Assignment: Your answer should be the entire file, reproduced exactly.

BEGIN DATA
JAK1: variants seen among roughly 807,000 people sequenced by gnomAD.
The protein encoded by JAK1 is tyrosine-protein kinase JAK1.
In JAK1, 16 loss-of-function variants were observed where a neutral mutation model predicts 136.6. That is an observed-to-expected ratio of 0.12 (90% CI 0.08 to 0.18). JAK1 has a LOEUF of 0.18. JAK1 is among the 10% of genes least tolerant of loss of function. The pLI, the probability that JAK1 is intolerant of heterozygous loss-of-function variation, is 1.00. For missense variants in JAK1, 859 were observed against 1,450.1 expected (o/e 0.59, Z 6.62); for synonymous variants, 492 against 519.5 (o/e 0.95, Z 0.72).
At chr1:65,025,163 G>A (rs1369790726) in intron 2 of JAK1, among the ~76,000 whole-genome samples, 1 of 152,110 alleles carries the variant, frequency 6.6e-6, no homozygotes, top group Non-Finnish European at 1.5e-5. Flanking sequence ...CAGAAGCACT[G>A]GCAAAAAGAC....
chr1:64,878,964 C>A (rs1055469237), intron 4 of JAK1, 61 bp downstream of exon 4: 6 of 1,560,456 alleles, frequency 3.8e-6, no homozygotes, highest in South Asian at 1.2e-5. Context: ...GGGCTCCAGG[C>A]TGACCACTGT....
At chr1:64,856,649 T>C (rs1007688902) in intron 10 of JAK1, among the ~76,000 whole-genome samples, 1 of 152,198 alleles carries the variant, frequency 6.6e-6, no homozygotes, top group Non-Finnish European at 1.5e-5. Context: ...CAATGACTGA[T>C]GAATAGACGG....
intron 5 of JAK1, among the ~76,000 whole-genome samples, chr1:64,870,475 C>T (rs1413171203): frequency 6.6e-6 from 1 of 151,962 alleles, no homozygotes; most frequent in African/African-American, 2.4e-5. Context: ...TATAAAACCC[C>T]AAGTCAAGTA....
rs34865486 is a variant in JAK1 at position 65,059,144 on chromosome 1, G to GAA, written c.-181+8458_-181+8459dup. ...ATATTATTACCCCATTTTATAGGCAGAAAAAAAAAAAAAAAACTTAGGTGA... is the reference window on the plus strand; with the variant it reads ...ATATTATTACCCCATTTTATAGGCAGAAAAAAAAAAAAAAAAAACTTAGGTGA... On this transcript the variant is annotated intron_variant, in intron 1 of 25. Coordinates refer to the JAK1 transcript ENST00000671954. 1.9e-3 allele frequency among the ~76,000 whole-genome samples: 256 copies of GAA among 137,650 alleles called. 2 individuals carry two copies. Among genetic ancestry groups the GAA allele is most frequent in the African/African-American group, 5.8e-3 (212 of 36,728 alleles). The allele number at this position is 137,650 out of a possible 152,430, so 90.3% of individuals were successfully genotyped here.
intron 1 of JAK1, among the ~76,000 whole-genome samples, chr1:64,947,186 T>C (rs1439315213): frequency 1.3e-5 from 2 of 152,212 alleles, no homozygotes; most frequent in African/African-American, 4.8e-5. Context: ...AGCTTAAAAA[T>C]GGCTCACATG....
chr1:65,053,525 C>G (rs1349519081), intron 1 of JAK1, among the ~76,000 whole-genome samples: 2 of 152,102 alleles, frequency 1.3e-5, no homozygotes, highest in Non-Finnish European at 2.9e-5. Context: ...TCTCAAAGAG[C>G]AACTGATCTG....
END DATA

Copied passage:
JAK1: variants seen among roughly 807,000 people sequenced by gnomAD.
The protein encoded by JAK1 is tyrosine-protein kinase JAK1.
In JAK1, 16 loss-of-function variants were observed where a neutral mutation model predicts 136.6. That is an observed-to-expected ratio of 0.12 (90% CI 0.08 to 0.18). JAK1 has a LOEUF of 0.18. JAK1 is among the 10% of genes least tolerant of loss of function. The pLI, the probability that JAK1 is intolerant of heterozygous loss-of-function variation, is 1.00. For missense variants in JAK1, 859 were observed against 1,450.1 expected (o/e 0.59, Z 6.62); for synonymous variants, 492 against 519.5 (o/e 0.95, Z 0.72).
At chr1:65,025,163 G>A (rs1369790726) in intron 2 of JAK1, among the ~76,000 whole-genome samples, 1 of 152,110 alleles carries the variant, frequency 6.6e-6, no homozygotes, top group Non-Finnish European at 1.5e-5. Flanking sequence ...CAGAAGCACT[G>A]GCAAAAAGAC....
chr1:64,878,964 C>A (rs1055469237), intron 4 of JAK1, 61 bp downstream of exon 4: 6 of 1,560,456 alleles, frequency 3.8e-6, no homozygotes, highest in South Asian at 1.2e-5. Context: ...GGGCTCCAGG[C>A]TGACCACTGT....
At chr1:64,856,649 T>C (rs1007688902) in intron 10 of JAK1, among the ~76,000 whole-genome samples, 1 of 152,198 alleles carries the variant, frequency 6.6e-6, no homozygotes, top group Non-Finnish European at 1.5e-5. Context: ...CAATGACTGA[T>C]GAATAGACGG....
intron 5 of JAK1, among the ~76,000 whole-genome samples, chr1:64,870,475 C>T (rs1413171203): frequency 6.6e-6 from 1 of 151,962 alleles, no homozygotes; most frequent in African/African-American, 2.4e-5. Context: ...TATAAAACCC[C>T]AAGTCAAGTA....
rs34865486 is a variant in JAK1 at position 65,059,144 on chromosome 1, G to GAA, written c.-181+8458_-181+8459dup. ...ATATTATTACCCCATTTTATAGGCAGAAAAAAAAAAAAAAAACTTAGGTGA... is the reference window on the plus strand; with the variant it reads ...ATATTATTACCCCATTTTATAGGCAGAAAAAAAAAAAAAAAAAACTTAGGTGA... On this transcript the variant is annotated intron_variant, in intron 1 of 25. Coordinates refer to the JAK1 transcript ENST00000671954. 1.9e-3 allele frequency among the ~76,000 whole-genome samples: 256 copies of GAA among 137,650 alleles called. 2 individuals carry two copies. Among genetic ancestry groups the GAA allele is most frequent in the African/African-American group, 5.8e-3 (212 of 36,728 alleles). The allele number at this position is 137,650 out of a possible 152,430, so 90.3% of individuals were successfully genotyped here.
intron 1 of JAK1, among the ~76,000 whole-genome samples, chr1:64,947,186 T>C (rs1439315213): frequency 1.3e-5 from 2 of 152,212 alleles, no homozygotes; most frequent in African/African-American, 4.8e-5. Context: ...AGCTTAAAAA[T>C]GGCTCACATG....
chr1:65,053,525 C>G (rs1349519081), intron 1 of JAK1, among the ~76,000 whole-genome samples: 2 of 152,102 alleles, frequency 1.3e-5, no homozygotes, highest in Non-Finnish European at 2.9e-5. Context: ...TCTCAAAGAG[C>G]AACTGATCTG....